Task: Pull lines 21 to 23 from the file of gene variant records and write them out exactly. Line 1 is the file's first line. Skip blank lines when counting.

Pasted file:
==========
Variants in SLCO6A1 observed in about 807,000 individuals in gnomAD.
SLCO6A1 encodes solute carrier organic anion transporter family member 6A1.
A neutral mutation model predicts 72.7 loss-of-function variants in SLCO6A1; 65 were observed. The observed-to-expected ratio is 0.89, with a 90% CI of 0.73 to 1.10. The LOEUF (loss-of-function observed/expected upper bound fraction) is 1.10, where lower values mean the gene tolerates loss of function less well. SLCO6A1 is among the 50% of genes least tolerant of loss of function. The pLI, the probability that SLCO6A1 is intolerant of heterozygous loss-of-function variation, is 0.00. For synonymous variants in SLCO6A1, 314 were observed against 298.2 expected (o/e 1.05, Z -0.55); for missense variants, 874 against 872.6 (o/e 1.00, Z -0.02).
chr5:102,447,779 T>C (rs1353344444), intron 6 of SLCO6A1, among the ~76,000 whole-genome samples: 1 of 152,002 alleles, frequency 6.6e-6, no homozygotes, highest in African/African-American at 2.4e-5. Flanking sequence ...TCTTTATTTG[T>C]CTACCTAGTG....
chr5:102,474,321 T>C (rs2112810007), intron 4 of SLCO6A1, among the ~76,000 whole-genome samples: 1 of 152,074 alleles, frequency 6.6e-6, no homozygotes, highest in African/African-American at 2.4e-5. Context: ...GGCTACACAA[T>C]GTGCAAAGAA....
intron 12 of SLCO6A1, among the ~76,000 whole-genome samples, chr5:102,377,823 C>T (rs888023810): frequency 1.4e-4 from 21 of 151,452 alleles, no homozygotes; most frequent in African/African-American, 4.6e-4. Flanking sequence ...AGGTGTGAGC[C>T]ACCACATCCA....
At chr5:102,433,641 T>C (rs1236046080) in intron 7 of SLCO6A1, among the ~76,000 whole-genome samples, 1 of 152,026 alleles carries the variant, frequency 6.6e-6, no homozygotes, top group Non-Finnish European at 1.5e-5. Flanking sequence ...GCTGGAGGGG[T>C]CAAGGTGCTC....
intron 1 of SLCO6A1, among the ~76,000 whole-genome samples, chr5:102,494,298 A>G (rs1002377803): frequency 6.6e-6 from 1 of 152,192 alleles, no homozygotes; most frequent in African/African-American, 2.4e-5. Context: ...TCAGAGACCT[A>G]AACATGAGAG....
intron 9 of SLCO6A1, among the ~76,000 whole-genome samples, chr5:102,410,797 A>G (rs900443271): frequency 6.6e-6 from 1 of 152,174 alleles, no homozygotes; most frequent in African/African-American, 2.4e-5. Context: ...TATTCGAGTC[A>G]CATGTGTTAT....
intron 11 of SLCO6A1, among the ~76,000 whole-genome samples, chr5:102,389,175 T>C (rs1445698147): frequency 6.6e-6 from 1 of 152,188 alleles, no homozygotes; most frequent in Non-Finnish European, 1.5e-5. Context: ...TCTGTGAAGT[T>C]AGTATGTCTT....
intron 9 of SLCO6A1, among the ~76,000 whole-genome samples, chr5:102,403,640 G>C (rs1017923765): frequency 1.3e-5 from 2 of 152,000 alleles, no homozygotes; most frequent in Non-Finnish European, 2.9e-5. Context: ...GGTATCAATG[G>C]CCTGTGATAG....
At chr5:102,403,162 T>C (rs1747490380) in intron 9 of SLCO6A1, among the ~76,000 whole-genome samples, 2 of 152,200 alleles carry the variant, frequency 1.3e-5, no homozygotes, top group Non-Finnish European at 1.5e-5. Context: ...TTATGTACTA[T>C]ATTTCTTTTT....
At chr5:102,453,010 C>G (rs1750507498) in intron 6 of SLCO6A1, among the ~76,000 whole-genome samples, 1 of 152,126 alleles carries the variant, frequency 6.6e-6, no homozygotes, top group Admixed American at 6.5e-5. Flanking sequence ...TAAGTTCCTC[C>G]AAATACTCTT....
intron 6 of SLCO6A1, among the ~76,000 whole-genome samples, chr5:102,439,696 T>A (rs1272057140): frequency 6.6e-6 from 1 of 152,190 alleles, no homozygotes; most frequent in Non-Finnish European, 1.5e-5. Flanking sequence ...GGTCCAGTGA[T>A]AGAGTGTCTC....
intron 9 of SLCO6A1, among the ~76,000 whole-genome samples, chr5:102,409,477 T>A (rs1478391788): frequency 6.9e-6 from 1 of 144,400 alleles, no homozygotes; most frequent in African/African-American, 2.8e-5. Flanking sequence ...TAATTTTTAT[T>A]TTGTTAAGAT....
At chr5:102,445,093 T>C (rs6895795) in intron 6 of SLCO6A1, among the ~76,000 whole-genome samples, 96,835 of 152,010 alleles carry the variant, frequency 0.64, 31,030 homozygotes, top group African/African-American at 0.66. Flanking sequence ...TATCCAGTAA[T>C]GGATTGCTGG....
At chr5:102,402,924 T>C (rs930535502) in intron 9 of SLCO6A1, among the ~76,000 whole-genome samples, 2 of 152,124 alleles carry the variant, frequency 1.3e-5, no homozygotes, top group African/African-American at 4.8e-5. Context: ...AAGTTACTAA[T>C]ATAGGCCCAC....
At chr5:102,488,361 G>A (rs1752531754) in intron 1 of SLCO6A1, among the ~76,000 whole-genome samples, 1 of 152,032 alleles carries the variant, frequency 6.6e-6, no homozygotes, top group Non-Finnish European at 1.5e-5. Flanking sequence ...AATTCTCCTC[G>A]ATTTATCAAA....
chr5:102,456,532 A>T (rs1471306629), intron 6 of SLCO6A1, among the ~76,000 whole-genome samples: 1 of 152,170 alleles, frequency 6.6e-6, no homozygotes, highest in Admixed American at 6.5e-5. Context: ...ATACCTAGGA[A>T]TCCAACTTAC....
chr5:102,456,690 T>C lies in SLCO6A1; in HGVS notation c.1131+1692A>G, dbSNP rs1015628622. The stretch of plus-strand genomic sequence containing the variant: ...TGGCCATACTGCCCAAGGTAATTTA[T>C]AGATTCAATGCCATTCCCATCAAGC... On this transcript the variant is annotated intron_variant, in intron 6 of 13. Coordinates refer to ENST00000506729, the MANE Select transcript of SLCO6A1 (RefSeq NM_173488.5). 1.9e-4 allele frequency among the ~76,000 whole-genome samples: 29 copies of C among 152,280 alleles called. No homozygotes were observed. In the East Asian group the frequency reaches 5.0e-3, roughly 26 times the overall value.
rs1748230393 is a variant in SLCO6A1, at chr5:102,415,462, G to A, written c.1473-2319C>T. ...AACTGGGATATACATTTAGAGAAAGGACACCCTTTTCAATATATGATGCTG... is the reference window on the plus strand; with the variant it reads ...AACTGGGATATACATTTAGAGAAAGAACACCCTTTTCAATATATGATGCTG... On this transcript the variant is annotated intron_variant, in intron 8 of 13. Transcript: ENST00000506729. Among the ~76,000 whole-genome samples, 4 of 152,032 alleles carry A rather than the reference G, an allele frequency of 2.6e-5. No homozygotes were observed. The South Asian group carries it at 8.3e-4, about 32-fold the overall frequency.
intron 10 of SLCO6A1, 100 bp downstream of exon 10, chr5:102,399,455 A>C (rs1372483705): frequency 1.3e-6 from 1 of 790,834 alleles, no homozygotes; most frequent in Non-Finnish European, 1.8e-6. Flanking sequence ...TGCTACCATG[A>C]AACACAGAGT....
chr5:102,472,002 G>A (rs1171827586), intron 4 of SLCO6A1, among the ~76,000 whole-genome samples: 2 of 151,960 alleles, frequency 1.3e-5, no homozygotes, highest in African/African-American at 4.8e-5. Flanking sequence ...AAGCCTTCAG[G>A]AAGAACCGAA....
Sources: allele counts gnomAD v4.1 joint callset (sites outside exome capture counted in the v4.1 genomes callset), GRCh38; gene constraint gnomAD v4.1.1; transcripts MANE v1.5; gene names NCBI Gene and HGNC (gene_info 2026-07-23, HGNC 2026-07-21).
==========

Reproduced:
rs1748230393 is a variant in SLCO6A1, at chr5:102,415,462, G to A, written c.1473-2319C>T. ...AACTGGGATATACATTTAGAGAAAGGACACCCTTTTCAATATATGATGCTG... is the reference window on the plus strand; with the variant it reads ...AACTGGGATATACATTTAGAGAAAGAACACCCTTTTCAATATATGATGCTG... On this transcript the variant is annotated intron_variant, in intron 8 of 13. Transcript: ENST00000506729. Among the ~76,000 whole-genome samples, 4 of 152,032 alleles carry A rather than the reference G, an allele frequency of 2.6e-5. No homozygotes were observed. The South Asian group carries it at 8.3e-4, about 32-fold the overall frequency.
intron 10 of SLCO6A1, 100 bp downstream of exon 10, chr5:102,399,455 A>C (rs1372483705): frequency 1.3e-6 from 1 of 790,834 alleles, no homozygotes; most frequent in Non-Finnish European, 1.8e-6. Flanking sequence ...TGCTACCATG[A>C]AACACAGAGT....
chr5:102,472,002 G>A (rs1171827586), intron 4 of SLCO6A1, among the ~76,000 whole-genome samples: 2 of 151,960 alleles, frequency 1.3e-5, no homozygotes, highest in African/African-American at 4.8e-5. Flanking sequence ...AAGCCTTCAG[G>A]AAGAACCGAA....